The Great Rift Valley is the largest, longest and most conspicuous fissure in the Earth’s crust. It spans over 5,500km from Ethiopia to Mozambique and includes extraordinary landscapes that range from the saltpans of Dancalia to the Rwenzori Mountains, which reach heights of over 5000 metres. Lake Turkana in northern Kenya is one of the Rift’s most inhospitable yet spectacular environments.
Here, the lives of various nomadic tribes are entwined: the Turkana, the Samburu, the Rendille and the El Molo, an ethnic group of fishermen once considered Africa’s smallest tribe. Its population was so small, in fact, that it could be fit in a single photograph, which was exactly what occurred in 1959 with a group portrait that appeared in The Sunday Times. Since then, the El Molo have grown in number thanks to a series of mixed marriages that have saved the culture from extinction but have been to the detriment of some of its features, including the language, which has almost totally disappeared.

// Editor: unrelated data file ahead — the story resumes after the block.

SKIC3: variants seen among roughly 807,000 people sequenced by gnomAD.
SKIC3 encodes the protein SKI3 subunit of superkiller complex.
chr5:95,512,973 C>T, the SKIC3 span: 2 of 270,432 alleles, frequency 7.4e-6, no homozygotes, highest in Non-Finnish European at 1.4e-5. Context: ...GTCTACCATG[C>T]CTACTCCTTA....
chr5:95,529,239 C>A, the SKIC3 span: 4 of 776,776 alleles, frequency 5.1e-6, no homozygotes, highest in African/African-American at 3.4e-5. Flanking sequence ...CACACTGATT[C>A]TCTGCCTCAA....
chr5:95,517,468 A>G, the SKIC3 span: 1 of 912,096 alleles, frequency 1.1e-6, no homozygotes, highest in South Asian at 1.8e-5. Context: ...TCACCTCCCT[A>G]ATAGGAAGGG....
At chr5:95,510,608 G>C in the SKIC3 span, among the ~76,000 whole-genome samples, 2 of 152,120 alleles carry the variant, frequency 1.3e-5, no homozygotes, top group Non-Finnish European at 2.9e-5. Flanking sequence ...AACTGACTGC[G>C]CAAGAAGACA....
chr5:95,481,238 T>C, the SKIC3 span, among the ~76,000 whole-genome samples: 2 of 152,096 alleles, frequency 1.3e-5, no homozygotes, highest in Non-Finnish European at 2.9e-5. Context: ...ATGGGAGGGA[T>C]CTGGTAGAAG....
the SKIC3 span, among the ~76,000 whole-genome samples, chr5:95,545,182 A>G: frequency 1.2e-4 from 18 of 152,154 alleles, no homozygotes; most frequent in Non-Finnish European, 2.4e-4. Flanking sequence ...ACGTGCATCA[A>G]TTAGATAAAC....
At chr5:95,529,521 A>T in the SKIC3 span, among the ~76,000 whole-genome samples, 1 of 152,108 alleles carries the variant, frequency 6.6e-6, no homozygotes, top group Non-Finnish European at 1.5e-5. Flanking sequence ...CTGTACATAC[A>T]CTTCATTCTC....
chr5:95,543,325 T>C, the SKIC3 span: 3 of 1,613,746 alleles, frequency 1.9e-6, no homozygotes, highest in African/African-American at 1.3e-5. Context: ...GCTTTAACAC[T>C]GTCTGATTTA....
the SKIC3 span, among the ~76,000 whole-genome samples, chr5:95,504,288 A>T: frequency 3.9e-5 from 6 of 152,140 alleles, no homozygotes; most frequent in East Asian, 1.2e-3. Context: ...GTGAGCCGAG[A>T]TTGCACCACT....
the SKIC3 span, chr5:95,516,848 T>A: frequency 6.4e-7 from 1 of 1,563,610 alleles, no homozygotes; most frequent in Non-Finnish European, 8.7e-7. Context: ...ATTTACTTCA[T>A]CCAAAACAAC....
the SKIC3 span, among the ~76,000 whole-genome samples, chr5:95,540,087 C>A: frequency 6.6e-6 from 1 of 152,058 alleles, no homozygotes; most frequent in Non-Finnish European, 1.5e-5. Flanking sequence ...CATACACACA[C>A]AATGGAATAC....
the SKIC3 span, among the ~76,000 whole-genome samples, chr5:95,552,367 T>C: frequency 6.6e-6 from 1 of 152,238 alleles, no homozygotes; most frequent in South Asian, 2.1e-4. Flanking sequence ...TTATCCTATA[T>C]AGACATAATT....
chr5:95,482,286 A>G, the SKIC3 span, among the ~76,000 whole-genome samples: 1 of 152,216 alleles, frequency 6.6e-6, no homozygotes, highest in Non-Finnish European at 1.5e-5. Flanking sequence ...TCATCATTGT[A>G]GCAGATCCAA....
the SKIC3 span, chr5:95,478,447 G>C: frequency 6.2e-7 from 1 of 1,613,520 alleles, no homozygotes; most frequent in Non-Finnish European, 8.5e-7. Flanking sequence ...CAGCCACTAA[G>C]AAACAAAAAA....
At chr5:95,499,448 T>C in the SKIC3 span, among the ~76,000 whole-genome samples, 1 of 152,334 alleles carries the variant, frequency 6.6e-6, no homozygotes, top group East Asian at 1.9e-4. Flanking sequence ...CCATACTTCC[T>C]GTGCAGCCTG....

The Turkana, on the other hand, in spite of being the last to arrive on the shores of the lake that gave them their name, have assumed a dominant role. Nomadic herders by necessity, their territory is an expanse of jagged volcanic black rock covered partly by ash and sand where temperatures often exceed 50° and annual rainfall is less than 200mm. In order to survive, they are continuously on the move to seek out grass and water for their livestock with which they live in symbiosis. “In the Turkana language the highest number is 999 yet they have 700 different ways to say cow,” explains anthropologist Alberto Salza who lived amongst them for a long time. The droughts of recent decades have pushed the Turkana ever closer to the shores of the lake, where they come into close contact with populations with whom they traditionally had hostile relations.